July 14, 2020 | Reading Time: 4 minutes
A President Biden can start restoring America by investigating the current president’s crimes
Why he should appoint a new special counsel.
The Washington press corps appears to accept that the president was “firing up his base” Friday when he commuted Roger Stone’s sentence of three-and-a-fourth years. That’s probably an assertion of opinion more than fact, though. While presidents do normally base actions on political considerations, Donald Trump is not normal.
It’s a stretch, to say the least, to assume that the president’s base of power likes it when he helps a goon duly convicted by a jury of his peers. The more likely explanation is that Trump went easy on Stone to maintain his silence about their involvement in an international criminal conspiracy to defraud the American people.
There’s a good reason for turning the page: don’t criminalize politics. But what if politics is criminal?
That’s not to say Trump’s decision doesn’t appeal to someone. Believers in something called “QAnon” probably felt that in commuting Stone’s sentence, the president was striking a righteous blow against a nameless and faceless “deep state” that has been trying to bring Trump down since he decided to run for president. According to my friend Amee Vanderpool, “Anon followers believe this current political struggle will culminate in a fantasy conclusion know as, ‘The Storm.’” Amee went on to say:
“This phase involves the military rounding up, imprisoning and even executing anyone who dared to counter Trump or make any moves against him. It’s safe to say that the list includes Democratic politicians, ‘members of the ‘liberal’ media, Hollywood celebrities and other elites that are convenient for Trump supporters to target.”
Anon followers are too small in number to affect this year’s election, but they could have serious effect if Joe Biden is victorious. Amee says the conspiracy theory is making inroads in the Republican Party, because the Republicans are making room for it. Combined with the market incentives of the GOP’s rightwing media allies, QAnon could erode a Biden administration’s credibility among white suburban voters the way birtherism eroded the Obama administration’s credibility among the same. Put all this together to see that things are probably going to get worse before they get better.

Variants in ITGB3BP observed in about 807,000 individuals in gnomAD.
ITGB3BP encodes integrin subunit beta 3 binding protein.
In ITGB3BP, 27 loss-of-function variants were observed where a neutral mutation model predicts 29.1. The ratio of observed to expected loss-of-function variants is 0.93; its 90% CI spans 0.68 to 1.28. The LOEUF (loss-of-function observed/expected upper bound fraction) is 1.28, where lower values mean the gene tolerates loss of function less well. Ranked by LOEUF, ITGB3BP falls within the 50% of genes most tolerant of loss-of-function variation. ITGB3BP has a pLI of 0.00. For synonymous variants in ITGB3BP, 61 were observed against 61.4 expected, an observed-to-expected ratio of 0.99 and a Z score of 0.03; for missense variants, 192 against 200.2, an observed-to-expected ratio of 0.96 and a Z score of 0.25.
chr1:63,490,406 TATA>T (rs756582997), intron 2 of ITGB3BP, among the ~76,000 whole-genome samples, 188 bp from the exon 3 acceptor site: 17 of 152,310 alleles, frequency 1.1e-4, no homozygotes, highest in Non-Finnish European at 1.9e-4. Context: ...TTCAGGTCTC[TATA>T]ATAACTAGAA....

Liberals and people deferential to the authority of facts and reason don’t really know what to do when faced with conspiracism, except laugh at it. That’s certainly what most of them did—what I did—during the Obama years. But liberals and others (me) should learn from our mistake, specifically that conspiracy theory isn’t just Livin’ La Vida Loca. It is the abandonment of the American social contract, a literal betrayal that’s rooted in political weakness. If you can’t win by normal means, if you can’t win because the truth is against you, then what do you do? You invent a new set of “alternate facts.” Conspiracy theories are leading indicators that parts of a country have decoupled from the rest, and they are heading down the road to serfdom.
Something needs to be done. Victory isn’t enough. If Biden wins, we’re going to witness wholesale amnesia among Republicans, leading to a repeat of the post-2008 era. Not only will conspiricism come back to the fore, poisoning our discourse, and not only will right-wing media weaponize conspiricism against the new administration, poisoning our discourse even more. The GOP will pretend, en masse, as it did after Barack Obama became president, that all the things they did to wreck the economy, devastate public health and shred the moral fiber of our society were Biden’s fault.
For his part, Biden will have great incentive to repeat what Obama did post-2008—just simply forget what the previous administration did to bring America to the brink of being a failed state. There’s one legitimate reason for this act of willful forgetting. You don’t want to establish a precedent in which politics becomes a crime. But politics can be criminal, as we learned when George W. Bush pushed us into invading a sovereign country that did us no harm after Sept. 11, 2001. Trump’s crimes, moreover, are relatively worse. The whole world changed after 3,000 Americans were murdered. Nothing has changed after Covid-19 killed enough people to equal forty-six 9/11s.
There’s actually another reason to forget. New presidents have their own agendas. They don’t want to get bogged down litigating old ones. Biden, however, isn’t Obama. His shtick is restoration, bringing America back to a state of normalcy and honor, putting the power of government on the side of normal people. If something isn’t done to counteract, or at least counterbalance, the Republican Party’s fascist incentives, Biden can forget about that, even if his party controls both chambers of the Congress. What’s needed is a rededication to the truth, and that requires a new special counsel to establish the whole truth of recent history, starting with Donald Trump’s victory.
Yes, I know Robert Mueller established many of the facts. And yes, the appointment of a new special counsel would be received among Republicans and their rightwing media allies as well as Mueller was. But truth and justice demand it. And anyway, like I said yesterday, the conspiracy that brought Trump to power did not stop. It has been ongoing. It’s most recent manifestation was commuting Roger Stone’s sentence, an act of literal bribery aimed at covering up the cover up of the crime of defrauding the American people of the right to know who they were voting for. We didn’t know. We still don’t know. Until we do, we can expect more of the same from the Republicans.
John Stoehr is the editor of the Editorial Board. He writes the daily edition. Find him @johnastoehr.